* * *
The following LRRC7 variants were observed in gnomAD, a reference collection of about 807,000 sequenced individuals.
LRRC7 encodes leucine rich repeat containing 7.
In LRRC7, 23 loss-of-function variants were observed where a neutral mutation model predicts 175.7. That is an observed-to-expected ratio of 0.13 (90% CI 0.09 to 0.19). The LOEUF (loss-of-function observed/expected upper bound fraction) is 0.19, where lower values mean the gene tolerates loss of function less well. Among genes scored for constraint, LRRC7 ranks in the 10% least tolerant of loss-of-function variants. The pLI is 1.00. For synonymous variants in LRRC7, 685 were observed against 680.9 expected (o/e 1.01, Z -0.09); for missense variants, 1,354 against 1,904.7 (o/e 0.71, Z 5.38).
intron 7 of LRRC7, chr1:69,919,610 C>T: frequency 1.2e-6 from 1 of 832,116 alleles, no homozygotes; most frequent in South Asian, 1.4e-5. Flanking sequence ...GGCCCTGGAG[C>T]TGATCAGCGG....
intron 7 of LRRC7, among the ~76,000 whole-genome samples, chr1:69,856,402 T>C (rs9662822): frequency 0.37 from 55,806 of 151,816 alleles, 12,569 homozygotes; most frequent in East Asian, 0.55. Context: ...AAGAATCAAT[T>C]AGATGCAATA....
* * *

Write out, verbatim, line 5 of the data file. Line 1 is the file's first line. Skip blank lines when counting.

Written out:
intron 7 of LRRC7, among the ~76,000 whole-genome samples, chr1:69,856,402 T>C (rs9662822): frequency 0.37 from 55,806 of 151,816 alleles, 12,569 homozygotes; most frequent in East Asian, 0.55. Context: ...AAGAATCAAT[T>C]AGATGCAATA....